a.       Dangerous – hinges on assumptions
b.       Indicative of racial stereotypes
c.       Offensive
d.       Personal (ie: none of your business).
This question is also not particularly unique in its ubiquity nor in its structure. Historically, poor black communities suffered vastly disproportionate sentencing in the aftermath of the 1980s’90’s crack epidemic and, arguably, continue to suffer unequitable, disproportionate sentencing. Contemporarily, the opioid epidemic often draws criticism because of how it is framed: Epidemic over war. And, it is untenable to suggest that the historical framing does not affect modern ideologies and policies.
While I have reacted differently to this question over the years, I have consistently been alarmed by another one of its tacit functions: narrative ownership. Asking me about my biological mother assumes (incorrectly), that I have access and should have access to telling another person’s story. My story is ultimately tangled up in a myriad of narratives. I am affected by others choices all the time at the macro and at the micro level. Regardless of my mother’s choices, I firmly believe that my story does not need to reveal her story. While, in some cases, I have chosen to disclose facts about my mother, I continue to carry and grapple with learning how to care for and share my story.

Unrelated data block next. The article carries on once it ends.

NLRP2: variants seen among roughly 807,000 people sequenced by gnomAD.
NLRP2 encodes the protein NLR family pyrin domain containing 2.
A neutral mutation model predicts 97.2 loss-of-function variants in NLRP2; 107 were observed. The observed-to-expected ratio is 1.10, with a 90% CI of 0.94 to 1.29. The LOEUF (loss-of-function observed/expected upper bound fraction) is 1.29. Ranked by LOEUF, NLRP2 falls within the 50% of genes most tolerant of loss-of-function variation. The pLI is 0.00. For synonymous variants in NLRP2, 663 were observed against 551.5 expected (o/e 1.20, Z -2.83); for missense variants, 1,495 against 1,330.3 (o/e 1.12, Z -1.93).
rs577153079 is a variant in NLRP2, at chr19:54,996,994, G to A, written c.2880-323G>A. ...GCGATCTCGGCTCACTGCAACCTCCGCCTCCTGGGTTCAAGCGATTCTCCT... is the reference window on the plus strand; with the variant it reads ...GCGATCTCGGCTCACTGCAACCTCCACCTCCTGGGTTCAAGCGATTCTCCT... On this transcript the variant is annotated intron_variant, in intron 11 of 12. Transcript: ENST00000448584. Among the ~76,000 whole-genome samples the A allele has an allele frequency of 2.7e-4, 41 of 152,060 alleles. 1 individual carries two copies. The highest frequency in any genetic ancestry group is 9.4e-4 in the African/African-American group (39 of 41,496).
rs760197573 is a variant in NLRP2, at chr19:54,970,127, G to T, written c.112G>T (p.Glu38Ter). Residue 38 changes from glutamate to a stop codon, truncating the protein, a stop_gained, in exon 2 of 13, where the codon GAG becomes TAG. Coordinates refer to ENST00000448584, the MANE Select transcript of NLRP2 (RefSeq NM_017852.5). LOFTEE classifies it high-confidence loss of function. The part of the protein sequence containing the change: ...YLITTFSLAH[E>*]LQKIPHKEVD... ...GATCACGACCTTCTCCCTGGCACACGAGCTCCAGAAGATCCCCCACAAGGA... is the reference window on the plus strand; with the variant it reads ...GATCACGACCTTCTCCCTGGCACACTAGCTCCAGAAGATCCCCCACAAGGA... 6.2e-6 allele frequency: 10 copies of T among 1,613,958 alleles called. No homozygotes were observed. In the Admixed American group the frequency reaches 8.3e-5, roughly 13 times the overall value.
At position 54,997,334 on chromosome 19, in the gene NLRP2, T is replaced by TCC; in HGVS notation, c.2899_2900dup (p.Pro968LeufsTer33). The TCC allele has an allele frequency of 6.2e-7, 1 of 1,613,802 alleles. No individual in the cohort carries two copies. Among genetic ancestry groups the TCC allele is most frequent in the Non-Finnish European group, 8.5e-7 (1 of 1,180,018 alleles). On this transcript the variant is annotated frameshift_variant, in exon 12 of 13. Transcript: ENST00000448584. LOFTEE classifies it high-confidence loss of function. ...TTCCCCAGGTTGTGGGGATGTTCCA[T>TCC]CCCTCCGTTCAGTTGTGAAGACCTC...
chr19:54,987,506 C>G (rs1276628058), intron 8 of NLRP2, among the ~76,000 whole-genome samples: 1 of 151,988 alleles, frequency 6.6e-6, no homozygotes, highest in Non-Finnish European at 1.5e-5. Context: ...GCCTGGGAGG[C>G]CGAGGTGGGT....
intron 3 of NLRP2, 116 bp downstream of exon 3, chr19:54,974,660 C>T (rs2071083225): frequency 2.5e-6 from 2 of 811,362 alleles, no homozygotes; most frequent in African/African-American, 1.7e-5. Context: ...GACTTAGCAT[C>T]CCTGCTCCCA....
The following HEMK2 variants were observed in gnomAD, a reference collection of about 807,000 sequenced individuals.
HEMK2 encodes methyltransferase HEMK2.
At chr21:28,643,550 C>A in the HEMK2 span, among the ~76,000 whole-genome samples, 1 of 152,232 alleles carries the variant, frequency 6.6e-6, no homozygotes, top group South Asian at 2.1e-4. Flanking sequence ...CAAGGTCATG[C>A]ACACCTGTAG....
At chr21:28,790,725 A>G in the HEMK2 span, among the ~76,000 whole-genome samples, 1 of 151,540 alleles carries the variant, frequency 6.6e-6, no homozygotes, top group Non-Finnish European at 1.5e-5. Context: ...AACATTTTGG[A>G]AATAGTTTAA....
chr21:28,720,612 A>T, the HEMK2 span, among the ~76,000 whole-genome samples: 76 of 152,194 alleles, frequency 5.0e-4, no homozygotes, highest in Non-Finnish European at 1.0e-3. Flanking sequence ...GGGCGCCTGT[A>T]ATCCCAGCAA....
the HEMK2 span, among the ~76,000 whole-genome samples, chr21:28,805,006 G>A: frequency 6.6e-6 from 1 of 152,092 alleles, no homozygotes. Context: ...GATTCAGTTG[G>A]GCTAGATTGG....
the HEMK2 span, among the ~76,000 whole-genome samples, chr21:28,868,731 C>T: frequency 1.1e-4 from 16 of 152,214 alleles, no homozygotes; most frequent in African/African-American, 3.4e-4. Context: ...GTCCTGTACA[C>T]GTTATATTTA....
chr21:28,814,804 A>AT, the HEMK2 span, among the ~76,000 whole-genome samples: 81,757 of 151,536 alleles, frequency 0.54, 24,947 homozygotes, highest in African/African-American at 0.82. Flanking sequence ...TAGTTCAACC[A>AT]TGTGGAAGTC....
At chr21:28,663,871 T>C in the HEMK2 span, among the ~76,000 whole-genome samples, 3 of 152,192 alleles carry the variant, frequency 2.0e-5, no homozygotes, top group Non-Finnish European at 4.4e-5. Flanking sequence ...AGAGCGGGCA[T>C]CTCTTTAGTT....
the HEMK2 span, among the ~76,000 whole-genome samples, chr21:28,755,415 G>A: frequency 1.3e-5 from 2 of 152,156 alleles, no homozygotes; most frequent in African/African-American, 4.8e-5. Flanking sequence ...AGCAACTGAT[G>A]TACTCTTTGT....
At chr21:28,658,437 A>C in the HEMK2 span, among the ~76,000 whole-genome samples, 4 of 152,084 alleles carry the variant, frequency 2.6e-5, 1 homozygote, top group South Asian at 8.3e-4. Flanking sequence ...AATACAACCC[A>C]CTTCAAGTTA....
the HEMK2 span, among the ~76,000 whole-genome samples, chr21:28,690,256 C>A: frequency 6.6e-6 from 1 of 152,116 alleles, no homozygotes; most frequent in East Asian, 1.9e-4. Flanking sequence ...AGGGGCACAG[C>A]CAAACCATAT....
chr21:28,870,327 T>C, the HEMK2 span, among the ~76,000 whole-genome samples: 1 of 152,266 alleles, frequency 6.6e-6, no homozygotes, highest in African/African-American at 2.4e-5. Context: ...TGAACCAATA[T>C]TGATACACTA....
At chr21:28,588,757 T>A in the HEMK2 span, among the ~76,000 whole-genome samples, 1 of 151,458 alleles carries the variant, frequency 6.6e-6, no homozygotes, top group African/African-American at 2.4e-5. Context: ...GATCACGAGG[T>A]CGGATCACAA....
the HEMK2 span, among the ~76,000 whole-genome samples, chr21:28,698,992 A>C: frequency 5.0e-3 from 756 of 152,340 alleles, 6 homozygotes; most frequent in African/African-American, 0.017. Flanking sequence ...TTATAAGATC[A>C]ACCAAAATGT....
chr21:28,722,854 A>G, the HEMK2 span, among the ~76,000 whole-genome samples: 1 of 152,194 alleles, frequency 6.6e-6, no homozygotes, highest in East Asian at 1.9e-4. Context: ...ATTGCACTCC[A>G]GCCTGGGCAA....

I have found that as I continue to grapple with who I am as a black woman and as an interracial adoptee, it is equitable andreasonable to require monetary compensation when asked to provide others with inclusive and diverse tools. Let me be clear: while the critic may imagine an image of me requiring any and all community members to provide monetary compensation for prying questions, I envision compensation for providing workshops, trainings and/or “personal” question and answers for large group sessions.

Recently, I discovered that an organization for which I was co-leading class, which I was willing and able to provide for “free” compensated my co-partner, a multi-ethnic black male, for providing access and training for racial justice without extending me an offer as well. While I could take the time here to articulate the variety of inequities illustrated by this snub, I wanted to instead focus on historical impact.